Up to this point, I have described our efforts to digitalize museum activities, but for people to think we started to do so only after the pandemic started, would not be completely truthful. For some time now, the curators of digital archives have been taking on many challenges. For example, there is the “Me Wo Koraso (i.e., meaning “to gaze”)” project, which is jointly run by the Explore Kyoto in History, Cluster Executive Committee, of which the museum is a core member, and Sensory Media Laboratory. It is an experimental media project that was planned and launched in 2019, based on the concept of “feeling and thinking on the streets of Kyoto.” This project cannot simply be explained as an online media to introduce Kyoto and its culture, because some might misconstrue it as something similar to the online gallery talks on YouTube. Whereas a gallery talk on YouTube is confined to an exhibition space with works of art that are protected under the Law for the Protection of Cultural Properties, “Me Wo Koraso” takes place outside on the streets of Kyoto, and the contents are of ordinary daily life. Finding value in items that are usually unnoticed, disseminating it to a wider audience in hopes that they will want to inherit them for the future, in other words, “value creation” is an important role of a museum, and this project is an attempt to do so digitally. It can also be said that this project is an effort to widen the museum’s activities and capabilities to date.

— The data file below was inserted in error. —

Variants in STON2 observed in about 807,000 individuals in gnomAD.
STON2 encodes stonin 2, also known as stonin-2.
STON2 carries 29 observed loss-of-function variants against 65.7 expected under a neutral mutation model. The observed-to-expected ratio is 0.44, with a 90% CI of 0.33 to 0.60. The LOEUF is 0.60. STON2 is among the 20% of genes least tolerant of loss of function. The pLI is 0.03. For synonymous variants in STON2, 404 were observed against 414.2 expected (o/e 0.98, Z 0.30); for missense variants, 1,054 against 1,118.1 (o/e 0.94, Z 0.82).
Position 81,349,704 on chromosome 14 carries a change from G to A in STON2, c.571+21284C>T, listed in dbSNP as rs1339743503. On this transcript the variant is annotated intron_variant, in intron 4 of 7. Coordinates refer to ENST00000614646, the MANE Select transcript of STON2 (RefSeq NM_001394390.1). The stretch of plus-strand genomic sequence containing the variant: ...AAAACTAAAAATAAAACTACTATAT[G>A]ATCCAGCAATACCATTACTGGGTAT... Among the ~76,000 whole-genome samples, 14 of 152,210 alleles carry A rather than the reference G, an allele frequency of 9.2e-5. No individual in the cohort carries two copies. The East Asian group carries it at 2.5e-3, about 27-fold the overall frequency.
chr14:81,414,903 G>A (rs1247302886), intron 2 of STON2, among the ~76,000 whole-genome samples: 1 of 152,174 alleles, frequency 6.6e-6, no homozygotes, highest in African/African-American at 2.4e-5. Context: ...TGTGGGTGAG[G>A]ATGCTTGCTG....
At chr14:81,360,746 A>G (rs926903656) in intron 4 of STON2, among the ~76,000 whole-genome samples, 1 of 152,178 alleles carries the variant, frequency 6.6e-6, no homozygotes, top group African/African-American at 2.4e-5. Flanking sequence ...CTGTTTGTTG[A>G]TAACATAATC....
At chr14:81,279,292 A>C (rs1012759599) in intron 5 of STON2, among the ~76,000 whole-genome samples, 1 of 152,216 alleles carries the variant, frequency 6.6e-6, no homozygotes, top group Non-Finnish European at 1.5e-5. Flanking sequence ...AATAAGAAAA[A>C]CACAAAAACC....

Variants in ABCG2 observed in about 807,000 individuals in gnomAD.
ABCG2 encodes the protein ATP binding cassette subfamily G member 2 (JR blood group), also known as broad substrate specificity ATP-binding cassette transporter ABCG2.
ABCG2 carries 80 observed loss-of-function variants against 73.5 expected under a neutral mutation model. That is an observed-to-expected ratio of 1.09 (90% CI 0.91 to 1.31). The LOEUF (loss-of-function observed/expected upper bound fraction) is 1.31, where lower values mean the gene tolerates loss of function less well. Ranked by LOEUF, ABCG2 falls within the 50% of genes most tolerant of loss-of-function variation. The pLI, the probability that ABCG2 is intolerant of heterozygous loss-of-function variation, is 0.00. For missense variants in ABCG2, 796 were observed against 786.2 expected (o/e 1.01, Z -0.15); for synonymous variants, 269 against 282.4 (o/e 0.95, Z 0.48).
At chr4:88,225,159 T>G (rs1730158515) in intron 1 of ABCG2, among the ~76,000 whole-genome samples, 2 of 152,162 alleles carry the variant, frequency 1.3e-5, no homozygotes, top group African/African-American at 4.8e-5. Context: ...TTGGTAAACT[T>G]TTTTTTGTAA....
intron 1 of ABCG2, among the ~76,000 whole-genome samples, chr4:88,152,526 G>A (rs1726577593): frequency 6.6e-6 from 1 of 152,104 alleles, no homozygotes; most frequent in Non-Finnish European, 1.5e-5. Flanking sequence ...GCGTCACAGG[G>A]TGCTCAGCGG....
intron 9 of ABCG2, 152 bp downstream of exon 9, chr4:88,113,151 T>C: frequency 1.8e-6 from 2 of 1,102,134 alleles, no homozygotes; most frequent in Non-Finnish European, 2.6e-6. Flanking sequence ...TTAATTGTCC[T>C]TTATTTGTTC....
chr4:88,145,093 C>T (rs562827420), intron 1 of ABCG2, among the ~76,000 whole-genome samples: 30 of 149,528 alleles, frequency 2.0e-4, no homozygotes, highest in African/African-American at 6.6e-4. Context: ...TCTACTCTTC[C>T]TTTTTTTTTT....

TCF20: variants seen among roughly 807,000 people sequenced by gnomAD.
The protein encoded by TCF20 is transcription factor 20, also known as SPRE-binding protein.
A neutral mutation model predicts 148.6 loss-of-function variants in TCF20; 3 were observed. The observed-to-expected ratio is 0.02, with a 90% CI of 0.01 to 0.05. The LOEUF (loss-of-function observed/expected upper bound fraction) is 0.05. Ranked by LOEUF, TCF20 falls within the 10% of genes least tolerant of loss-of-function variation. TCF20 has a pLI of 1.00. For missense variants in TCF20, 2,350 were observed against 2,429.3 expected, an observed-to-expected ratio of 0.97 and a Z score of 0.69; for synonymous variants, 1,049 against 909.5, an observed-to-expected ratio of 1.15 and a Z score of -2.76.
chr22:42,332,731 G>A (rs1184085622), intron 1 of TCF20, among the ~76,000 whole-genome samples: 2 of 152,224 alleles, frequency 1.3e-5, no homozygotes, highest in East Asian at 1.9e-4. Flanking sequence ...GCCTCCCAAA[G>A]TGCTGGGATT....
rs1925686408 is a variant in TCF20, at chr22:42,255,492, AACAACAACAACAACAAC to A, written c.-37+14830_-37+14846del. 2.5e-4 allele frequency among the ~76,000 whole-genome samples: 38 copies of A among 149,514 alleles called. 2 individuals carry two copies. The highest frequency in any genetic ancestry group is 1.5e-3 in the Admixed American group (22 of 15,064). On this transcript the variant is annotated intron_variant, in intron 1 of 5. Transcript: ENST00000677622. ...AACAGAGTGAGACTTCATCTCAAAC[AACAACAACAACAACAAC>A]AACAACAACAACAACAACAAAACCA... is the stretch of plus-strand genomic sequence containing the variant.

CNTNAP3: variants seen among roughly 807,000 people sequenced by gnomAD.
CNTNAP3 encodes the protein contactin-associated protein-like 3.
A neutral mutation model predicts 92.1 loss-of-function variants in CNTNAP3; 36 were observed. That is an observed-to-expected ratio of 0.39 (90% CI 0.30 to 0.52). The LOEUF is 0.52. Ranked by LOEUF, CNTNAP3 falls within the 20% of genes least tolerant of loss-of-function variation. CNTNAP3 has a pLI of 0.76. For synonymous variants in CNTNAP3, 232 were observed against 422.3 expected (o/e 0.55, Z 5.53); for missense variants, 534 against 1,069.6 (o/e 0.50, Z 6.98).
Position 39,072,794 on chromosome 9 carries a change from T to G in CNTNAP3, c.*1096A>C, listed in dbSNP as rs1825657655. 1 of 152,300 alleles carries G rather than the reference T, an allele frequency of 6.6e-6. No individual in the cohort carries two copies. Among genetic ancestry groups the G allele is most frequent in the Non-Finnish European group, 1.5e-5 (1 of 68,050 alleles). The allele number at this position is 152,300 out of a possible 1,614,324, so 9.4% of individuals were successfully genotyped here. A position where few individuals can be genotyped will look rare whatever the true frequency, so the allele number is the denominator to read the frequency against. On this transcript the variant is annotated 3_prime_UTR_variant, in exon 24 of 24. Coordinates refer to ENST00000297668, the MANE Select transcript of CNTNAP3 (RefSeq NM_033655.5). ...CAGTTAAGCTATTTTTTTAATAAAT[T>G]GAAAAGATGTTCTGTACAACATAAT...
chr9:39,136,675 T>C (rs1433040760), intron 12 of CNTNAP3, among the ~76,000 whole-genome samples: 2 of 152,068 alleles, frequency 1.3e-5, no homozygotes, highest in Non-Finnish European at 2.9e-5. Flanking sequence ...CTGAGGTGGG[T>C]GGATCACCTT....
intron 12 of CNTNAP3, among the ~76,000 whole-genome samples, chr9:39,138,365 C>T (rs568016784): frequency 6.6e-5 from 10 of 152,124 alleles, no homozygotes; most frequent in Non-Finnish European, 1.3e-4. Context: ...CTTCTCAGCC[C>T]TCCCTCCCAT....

In addition, since 2018, as part of the joint research by the University of Tsukuba and the Agency for Cultural Affairs titled, “Research on the effective promotion and utilization of cultural properties,” Elysium, Leica Geosystems, and our museum collaborated to create a three-dimensional point cloud data and VR of The Former Bank of Japan, Kyoto which is registered as an Important Cultural Property. Also, the documents and interview contents concerning the successful restoration of the Folding Screen depicting Scenes of the Seiganji Temple Town and its Neighborhood (by IWASA Matabei,) which Oka Bokkodo Co., Ltd dedicated three years to complete since 2018. Other examples include the “Multilayer Map System” service created and exhibited by the above-mentioned committee, together with the National Institute of Informatics and the Association Press; and the creation of the “Digital Archive of Archaeological Materials Excavated from the Ancient Imperial Palace of the Heian-Kyo Capital (present Kyoto city. Title is tentative)” currently under construction by The Field, NPO corporation. As you can see, we have strived to utilize the digital space even before the pandemic.
The Focal Point of Effort and Ingenuity